Memory allocators divide up memory into pieces. But how can an allocator's author allocate memory to track the pieces?

The shells used in terminals – Bash, zsh, etc. – are little compilers wrapped in a loop. We build one with working pipes.

Data compression can be simple. Huffman coding, as used in ZIP, MPEG, and MP3, is built around one clever use of a tree.

We build six fundamental programming tools from scratch in about thirty minutes each. Each focuses on understanding the core behavior of the tool, rather than the esoteric details and legacy concerns of real-world implementations.

FREE: A COMPILER FROM SCRATCH  

The 90 classic Destroy All Software screencasts explain advanced programming practices via concrete examples: testing, design, fluency with tools like Unix shells, and other topics. Customers rave about their density, concision, breadth of scope, and depth of detail.

"One of the DAS screencasts (tarpipe) just taught what took a few weeks in my Operating Systems II back in college."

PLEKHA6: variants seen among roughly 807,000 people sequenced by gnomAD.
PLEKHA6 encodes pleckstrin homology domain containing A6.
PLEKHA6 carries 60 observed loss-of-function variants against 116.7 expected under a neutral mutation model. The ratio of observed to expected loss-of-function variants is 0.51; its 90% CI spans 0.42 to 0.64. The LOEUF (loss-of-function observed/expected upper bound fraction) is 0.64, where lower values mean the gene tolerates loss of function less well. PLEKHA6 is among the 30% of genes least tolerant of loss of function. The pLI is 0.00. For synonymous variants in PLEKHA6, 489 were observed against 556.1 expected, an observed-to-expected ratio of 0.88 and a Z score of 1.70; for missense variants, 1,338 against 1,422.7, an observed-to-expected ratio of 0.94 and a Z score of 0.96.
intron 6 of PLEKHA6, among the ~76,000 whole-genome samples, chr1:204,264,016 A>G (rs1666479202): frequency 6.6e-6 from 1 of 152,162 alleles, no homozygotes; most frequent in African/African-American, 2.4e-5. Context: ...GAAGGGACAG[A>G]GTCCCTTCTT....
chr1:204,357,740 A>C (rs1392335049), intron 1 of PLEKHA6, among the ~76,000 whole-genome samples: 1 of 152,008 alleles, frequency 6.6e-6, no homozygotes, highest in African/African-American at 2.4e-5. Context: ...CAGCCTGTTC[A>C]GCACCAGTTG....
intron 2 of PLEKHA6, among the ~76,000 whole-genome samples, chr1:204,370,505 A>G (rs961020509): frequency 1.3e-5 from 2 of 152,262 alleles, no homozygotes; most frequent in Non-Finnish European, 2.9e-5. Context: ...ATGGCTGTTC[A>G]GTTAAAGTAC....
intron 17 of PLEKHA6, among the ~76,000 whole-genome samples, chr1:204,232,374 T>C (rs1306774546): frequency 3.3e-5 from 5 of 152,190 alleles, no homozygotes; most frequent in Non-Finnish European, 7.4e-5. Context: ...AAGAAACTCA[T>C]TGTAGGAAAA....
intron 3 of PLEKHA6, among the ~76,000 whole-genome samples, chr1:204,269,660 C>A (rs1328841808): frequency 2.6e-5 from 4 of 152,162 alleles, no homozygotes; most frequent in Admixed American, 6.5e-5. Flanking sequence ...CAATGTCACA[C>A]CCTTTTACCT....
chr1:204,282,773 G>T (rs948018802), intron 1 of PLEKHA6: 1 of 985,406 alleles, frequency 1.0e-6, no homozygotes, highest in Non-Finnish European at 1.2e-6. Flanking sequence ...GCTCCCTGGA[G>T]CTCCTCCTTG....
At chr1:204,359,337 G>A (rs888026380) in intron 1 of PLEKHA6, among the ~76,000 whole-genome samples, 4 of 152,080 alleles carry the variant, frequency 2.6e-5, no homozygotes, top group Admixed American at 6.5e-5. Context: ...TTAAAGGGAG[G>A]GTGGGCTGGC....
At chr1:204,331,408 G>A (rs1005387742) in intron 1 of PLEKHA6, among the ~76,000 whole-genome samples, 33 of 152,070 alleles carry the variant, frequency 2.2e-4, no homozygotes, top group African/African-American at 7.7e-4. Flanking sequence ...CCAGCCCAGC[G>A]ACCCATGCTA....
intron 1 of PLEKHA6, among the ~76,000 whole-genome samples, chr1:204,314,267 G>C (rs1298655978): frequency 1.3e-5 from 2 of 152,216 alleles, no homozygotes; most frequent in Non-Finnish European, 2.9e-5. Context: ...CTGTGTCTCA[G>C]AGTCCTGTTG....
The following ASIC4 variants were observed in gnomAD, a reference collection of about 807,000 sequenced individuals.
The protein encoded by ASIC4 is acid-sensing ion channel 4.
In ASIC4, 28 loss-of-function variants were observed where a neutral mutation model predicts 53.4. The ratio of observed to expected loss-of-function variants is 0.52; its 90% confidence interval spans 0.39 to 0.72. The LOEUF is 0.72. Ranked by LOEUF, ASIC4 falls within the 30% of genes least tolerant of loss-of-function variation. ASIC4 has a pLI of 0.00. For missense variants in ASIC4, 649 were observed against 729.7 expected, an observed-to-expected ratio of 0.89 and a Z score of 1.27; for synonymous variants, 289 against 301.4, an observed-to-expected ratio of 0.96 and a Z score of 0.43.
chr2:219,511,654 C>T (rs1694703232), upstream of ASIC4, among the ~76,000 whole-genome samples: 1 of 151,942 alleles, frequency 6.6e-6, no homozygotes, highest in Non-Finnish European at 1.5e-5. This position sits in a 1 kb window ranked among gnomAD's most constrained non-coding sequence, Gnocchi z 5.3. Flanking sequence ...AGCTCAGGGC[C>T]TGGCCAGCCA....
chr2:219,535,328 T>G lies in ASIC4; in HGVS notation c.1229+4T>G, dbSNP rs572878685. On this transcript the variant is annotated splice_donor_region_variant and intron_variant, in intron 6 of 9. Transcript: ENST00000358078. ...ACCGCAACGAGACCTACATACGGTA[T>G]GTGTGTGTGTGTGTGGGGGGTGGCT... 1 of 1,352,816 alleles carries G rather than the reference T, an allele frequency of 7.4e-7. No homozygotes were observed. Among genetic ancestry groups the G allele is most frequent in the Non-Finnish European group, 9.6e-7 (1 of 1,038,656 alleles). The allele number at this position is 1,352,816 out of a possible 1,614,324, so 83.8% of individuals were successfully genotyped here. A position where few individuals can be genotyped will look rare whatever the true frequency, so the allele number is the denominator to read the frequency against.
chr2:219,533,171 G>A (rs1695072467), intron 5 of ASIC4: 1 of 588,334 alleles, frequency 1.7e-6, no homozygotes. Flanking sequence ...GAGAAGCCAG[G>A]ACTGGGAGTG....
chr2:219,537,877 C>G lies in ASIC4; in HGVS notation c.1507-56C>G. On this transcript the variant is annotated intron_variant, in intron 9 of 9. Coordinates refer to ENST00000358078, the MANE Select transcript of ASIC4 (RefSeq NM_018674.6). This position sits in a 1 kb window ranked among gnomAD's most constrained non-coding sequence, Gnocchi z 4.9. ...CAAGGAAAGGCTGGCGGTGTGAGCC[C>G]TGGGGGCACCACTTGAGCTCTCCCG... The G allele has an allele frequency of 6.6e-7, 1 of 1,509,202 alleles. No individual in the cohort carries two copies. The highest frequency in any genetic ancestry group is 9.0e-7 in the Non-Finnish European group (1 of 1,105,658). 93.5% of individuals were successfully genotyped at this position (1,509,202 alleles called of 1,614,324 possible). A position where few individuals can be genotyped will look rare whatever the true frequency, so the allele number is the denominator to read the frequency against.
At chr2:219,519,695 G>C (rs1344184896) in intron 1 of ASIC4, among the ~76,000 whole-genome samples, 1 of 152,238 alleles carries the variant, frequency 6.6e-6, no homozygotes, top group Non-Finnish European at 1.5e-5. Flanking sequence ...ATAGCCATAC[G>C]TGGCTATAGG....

"The screencasts @garybernhardt makes are the kind you can rewatch every few months and learn more from each time."

"This week's Destroy All Software screencast by @garybernhardt is one of the best lessons on just testing one thing ever."

Destroy All Software subscriptions cost $29 per month, which grants access to both the back catalog and new releases as they happen. The publishing schedule is variable, but new content usually appears every two weeks.

The format may change over time: screencasts, text, or maybe something entirely new. This is the outlet for Gary's thoughts about software development in whatever form they take. Currently, new screencasts are being published.

If the schedule or the format change in ways that you don't like, don't worry: Destroy All Software has a permissive refund policy. You can always cancel from the website; we won't make you send an awkward email to support. You can also email support for a refund within a month of your most recent charge.

I'm Gary Bernhardt. You know me from Wat and, with luck, from Boundaries or The Birth & Death of JavaScript.

These screencasts are the ones that I wish I'd had for myself: dense, brief, concrete demonstrations of topics that we usually only talk about in the abstract.